Back to top

Shadows of Memory

Jay Borgwardt


Shadows of Memory is an interactive installation exploring the ephemerality of memory and the intricacies of human connection. In the timelines of our lives, we meet briefly at junctions. These moments are transient, but the places remain, holding the emotions that were so real to us then. Using a magic flashlight, you can reveal the story of an intense emotional relationship as told through narrative dance. Seven scenes lie dormant, waiting for your flashlight beam to illuminate their part of the story. The work is a testament to the bittersweet beauty of things that will only exist in this moment and never again.


Back to top

Please Give a Call to Yeye

Katie Chan


Please Give a Call to Yeye is a web-based audio documentary that explores the intergenerational relationship between my paternal grandfather - Yeye - and me. Despite being closely involved in raising my brothers and I, we never seemed to fully understand our grandparents beyond their familiar and warm roles. Decades ago, our grandparents faced the tumultuous sociopolitical and economic realities of a regime-changed China. They experienced the turbulent shocks of Chairman Mao and his party’s radical policies that disrupted and defined life for Chinese citizens in that era.

Through a series of phone calls, my brothers and I embark on a journey to uncover and understand my grandfather’s complex relationship with China. In the difficult process, we find ourselves far more removed than initially expected.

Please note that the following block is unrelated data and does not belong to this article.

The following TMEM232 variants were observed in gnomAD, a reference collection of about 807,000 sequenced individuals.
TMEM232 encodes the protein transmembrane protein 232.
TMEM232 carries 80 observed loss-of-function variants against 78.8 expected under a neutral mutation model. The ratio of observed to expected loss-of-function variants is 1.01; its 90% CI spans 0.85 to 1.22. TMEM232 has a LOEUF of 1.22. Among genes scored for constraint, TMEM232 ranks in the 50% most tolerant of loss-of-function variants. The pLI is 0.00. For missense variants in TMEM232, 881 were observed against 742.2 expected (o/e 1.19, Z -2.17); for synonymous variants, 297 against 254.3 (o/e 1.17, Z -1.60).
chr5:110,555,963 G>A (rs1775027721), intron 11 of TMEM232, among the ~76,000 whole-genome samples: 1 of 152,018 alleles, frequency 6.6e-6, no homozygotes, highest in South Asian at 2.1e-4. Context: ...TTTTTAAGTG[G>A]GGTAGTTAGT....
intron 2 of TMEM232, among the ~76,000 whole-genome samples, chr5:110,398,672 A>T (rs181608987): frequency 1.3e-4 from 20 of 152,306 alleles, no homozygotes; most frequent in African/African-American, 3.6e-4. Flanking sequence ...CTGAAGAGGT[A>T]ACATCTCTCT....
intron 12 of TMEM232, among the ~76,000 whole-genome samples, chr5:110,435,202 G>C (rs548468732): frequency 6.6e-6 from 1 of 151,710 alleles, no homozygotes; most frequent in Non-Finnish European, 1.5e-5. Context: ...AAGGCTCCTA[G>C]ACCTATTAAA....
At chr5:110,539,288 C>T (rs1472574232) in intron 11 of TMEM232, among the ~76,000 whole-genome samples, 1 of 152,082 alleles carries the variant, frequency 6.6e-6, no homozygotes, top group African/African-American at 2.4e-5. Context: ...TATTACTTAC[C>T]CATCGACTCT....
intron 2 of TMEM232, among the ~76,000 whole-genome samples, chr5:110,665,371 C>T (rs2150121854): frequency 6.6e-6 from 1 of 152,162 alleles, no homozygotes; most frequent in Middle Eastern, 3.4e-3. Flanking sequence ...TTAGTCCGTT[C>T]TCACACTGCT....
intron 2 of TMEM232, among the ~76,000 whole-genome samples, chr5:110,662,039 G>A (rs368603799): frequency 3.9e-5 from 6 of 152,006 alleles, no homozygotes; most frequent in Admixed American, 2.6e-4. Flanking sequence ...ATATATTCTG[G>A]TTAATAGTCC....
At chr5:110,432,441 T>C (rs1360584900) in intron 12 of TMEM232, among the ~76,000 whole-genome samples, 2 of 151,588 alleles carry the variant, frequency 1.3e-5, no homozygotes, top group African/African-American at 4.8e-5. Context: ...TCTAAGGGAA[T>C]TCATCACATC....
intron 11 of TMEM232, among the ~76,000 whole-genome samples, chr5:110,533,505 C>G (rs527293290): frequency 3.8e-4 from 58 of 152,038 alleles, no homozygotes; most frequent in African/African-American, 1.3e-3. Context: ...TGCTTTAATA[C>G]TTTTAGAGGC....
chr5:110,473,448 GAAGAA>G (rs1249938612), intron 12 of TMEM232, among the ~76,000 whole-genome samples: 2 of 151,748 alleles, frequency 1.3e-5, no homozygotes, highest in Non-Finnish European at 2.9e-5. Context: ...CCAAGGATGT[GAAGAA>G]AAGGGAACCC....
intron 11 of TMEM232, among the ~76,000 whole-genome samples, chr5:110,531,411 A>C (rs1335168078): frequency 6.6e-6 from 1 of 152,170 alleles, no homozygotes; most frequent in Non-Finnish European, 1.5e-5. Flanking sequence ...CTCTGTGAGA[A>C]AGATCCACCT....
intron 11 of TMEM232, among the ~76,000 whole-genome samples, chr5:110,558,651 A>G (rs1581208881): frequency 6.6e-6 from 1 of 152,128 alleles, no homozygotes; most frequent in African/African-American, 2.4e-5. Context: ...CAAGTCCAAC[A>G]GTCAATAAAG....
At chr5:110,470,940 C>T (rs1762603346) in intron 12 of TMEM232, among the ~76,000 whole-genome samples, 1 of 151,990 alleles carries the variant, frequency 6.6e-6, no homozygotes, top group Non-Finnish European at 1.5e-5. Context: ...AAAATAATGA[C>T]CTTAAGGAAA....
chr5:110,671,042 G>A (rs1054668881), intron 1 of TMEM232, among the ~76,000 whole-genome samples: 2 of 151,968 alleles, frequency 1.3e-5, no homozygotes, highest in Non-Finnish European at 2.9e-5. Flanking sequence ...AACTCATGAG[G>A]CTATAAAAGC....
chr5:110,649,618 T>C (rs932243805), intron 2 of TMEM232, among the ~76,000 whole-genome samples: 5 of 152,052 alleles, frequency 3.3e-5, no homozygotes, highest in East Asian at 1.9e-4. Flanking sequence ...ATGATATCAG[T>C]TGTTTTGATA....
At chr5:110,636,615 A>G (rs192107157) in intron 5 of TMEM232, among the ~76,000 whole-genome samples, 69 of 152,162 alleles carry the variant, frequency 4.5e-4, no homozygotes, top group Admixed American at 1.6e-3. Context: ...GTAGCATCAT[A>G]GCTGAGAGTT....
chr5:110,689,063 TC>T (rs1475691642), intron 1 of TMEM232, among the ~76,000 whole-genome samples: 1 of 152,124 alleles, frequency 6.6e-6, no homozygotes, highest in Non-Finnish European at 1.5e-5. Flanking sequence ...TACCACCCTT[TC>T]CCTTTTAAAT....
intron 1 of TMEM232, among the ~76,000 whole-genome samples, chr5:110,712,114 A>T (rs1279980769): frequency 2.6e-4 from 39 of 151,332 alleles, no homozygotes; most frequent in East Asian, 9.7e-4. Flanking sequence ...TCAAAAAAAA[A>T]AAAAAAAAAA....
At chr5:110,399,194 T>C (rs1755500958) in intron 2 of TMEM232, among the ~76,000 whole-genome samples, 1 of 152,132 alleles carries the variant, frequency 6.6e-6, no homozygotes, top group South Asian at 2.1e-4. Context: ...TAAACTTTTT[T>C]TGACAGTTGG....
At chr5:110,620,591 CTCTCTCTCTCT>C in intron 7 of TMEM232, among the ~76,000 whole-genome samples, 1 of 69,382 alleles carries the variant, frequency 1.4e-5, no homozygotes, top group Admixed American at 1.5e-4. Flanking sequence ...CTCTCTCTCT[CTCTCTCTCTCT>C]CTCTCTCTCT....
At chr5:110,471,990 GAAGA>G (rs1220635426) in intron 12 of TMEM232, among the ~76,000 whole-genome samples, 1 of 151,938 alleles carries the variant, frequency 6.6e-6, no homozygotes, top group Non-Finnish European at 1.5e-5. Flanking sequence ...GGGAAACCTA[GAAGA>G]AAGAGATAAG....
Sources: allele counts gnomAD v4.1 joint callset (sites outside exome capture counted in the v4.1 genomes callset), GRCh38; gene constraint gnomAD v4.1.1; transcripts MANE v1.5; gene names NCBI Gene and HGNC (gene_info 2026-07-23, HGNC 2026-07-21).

We find ourselves separated by physical distance due to Yeye living in Toronto, sundered by what in Chinese is called a 代沟, or “generational chasm,” and torn between our understanding of history through education, and the oft-opposing experiences described by Yeye.

Through sensitivities fogged and obstructed by time, scrambles to find meaning lost in translation, and the dissection of countless visceral portraits of hardship, the piece struggles to sow two understandings together. To find common ground in space disconnected by forces beyond our grasp, to locate where seemingly parallel lines—intersect.


Back to top

Zine On Beauty

Esha Chekuri


Zine On Beauty is an exploration of the ways in which beauty is used as tool of oppression through the lens of intersectional feminism. Presented in zine or magazine form, this project addresses how beauty has been used by the patriarchy to fuel multi-billion dollar industries and stunt the growth of womens’ social prominence. Highlighted topics include the history of the beauty myth and prescriptive beauty norm, beauty privilege, cosmetic surgery, white feminism, mental and physical health, social media, and healing. Each article is presented with an in depth interview featuring a peer of the artist who has offered to share their stories about beauty, from body dysmorphia and social media expectations to intersectional experiences with beauty standards. After reading, viewers should have a greater understanding of the pressure placed on women and femme presenting individuals to pursue beauty and how it negatively impacts their lives.


Back to top

I Just Want To Get Away From All Of This

Abigail Floyd


I Just Want To Get Away From All Of This is a choose-your-own-adventure video game that represents the search for purpose in one’s life as they enter adulthood. You play as a recent college graduate trying to find your place in the world. Now that you are no longer a student, who are you? What is your purpose in life? The world is at your feet - what are you going to do with it?